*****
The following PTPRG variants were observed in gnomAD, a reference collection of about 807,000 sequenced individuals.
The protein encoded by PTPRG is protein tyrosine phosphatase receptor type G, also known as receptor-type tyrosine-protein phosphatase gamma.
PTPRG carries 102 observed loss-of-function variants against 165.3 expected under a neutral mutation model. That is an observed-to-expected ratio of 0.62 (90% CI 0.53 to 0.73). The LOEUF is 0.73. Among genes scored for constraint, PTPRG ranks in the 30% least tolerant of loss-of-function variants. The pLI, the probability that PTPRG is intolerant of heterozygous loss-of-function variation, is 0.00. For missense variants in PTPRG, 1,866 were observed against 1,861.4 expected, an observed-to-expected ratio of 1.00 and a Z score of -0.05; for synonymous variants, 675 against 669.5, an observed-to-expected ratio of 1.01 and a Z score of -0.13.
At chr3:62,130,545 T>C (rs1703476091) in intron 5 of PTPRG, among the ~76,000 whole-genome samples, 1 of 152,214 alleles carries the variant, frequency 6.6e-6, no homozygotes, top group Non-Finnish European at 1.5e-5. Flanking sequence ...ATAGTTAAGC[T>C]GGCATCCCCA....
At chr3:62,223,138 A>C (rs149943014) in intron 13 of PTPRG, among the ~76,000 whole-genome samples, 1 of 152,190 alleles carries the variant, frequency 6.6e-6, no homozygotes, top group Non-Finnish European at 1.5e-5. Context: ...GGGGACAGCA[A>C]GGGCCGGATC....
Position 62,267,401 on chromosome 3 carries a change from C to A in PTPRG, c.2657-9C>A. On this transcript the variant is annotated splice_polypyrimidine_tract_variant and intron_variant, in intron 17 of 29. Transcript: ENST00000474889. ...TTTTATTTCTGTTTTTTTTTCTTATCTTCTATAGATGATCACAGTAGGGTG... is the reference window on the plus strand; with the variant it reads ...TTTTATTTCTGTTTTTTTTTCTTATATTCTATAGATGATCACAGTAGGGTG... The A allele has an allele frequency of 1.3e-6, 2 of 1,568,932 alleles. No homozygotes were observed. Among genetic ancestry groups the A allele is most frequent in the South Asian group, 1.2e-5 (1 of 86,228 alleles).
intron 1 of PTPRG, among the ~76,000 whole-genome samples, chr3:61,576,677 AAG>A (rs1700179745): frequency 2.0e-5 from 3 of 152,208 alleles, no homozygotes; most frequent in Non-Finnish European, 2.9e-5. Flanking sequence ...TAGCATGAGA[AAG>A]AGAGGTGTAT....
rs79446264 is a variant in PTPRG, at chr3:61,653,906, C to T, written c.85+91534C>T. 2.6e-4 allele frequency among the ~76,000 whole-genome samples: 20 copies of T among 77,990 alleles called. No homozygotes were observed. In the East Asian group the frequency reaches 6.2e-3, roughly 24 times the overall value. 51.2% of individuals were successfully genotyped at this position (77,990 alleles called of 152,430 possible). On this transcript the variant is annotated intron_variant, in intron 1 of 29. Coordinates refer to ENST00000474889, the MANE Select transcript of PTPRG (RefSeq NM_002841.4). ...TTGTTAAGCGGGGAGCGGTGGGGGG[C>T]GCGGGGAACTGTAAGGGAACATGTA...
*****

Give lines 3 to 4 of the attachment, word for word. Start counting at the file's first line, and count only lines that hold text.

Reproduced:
PTPRG carries 102 observed loss-of-function variants against 165.3 expected under a neutral mutation model. That is an observed-to-expected ratio of 0.62 (90% CI 0.53 to 0.73). The LOEUF is 0.73. Among genes scored for constraint, PTPRG ranks in the 30% least tolerant of loss-of-function variants. The pLI, the probability that PTPRG is intolerant of heterozygous loss-of-function variation, is 0.00. For missense variants in PTPRG, 1,866 were observed against 1,861.4 expected, an observed-to-expected ratio of 1.00 and a Z score of -0.05; for synonymous variants, 675 against 669.5, an observed-to-expected ratio of 1.01 and a Z score of -0.13.
At chr3:62,130,545 T>C (rs1703476091) in intron 5 of PTPRG, among the ~76,000 whole-genome samples, 1 of 152,214 alleles carries the variant, frequency 6.6e-6, no homozygotes, top group Non-Finnish European at 1.5e-5. Flanking sequence ...ATAGTTAAGC[T>C]GGCATCCCCA....